On Mother's Day in 2003 as I came home, I thought of that day in Atlanta and many others like it where Mother modeled the code she lived by. Mother had fallen on Christmas Eve while going to work at age 84. She remained a personal care giver for the elderly and the terminally ill and would still today had her own body not finally betrayed her unbreakable spirit and will. She suffered a cerebral hemorrhage, and we sent Christmas and New Year's in the hospital trying to treat the damage to her precious hard head we credited with her survival.
She began to recover from her fall and was determined to show her mettle, the stuff that strong women of her generation seemed to have in abundance. She called just before Mother's Day and said something was wrong, and we were soon to find out why she really fell and what they had missed at Christmas.
Mother and I went to the doctors prepared. We arrived with a detailed list of symptoms and pertinent data to enable him to see this patient, not as an old lady to be dismissed with the usual prescription for painkillers, but a person suffering from a serious ailment.
The young doctor was not jaded and was very aggressive and after some x-rays, he told us that he thought Mother's cancer had returned. It had been 16 years since her mastectomy, but he felt that was it was cancer based on the pictures. Something about that word, cancer, that implies something evil and invasive, not like a failing heart or liver, but something dark and sinister.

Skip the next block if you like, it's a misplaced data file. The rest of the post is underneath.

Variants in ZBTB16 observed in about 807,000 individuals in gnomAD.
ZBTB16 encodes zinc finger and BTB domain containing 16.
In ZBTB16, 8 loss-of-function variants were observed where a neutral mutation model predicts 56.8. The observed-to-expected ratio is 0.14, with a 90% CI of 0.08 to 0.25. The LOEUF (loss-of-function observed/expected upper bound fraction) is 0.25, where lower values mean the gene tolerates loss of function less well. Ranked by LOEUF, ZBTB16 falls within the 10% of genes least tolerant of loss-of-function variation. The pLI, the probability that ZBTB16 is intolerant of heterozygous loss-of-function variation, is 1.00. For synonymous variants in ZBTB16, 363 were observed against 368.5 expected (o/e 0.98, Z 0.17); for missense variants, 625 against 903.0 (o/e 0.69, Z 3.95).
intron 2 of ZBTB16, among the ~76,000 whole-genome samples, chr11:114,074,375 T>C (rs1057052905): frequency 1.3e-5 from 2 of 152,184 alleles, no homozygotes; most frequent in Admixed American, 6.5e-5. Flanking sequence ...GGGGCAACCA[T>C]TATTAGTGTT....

The test confirmed the worst: stage 4, inoperable. We made the rounds of the specialists, drawing fluid from her chest, listening to the pros and cons, and finally enough was enough, and we opted for the hospice program. I agreed to stay with Mother as her primary care-giver, and it was the most difficult, trying thing I have ever done. The time with her was also a gift from God.
I would like to say that Mother conveyed great wisdom and insights to me, but she had already done that through her many examples of courage and character like the time in Atlanta. The 11 weeks I spent with her did yield precious memories of days gone by, people gone but not forgotten, a sense of who the people I came from really were and priceless moments saying nothing more than "that peach tasted delicious," or "that Back rub was wonderful, "and" I love you, son. "
Just before the end, it appeared the animals of the forests began to gather round her house on the edge of her ancient forest. The birds she fed came in an abundance of colors, songbirds sang at our windows and peered in at the woman who cared for them. Rabbits munched on her daylilies at our front door and refused to run away when approached. Even a pair of elusive fox came up at dusk as the Whippoorwill's call echoed through the hollows of Temple Grove.
Mother looked at me, and said, "Son, do you hear the birds singing?" "Yes, I do," I answered. "No," she said, as she clutched her Bible, "I mean the one who answered me during my prayers?" Not long
After that, Mother was gone, her pain relieved, and with a look on her face that suggested she knew something that we did not, but one day would.
Have you called your Mama lately?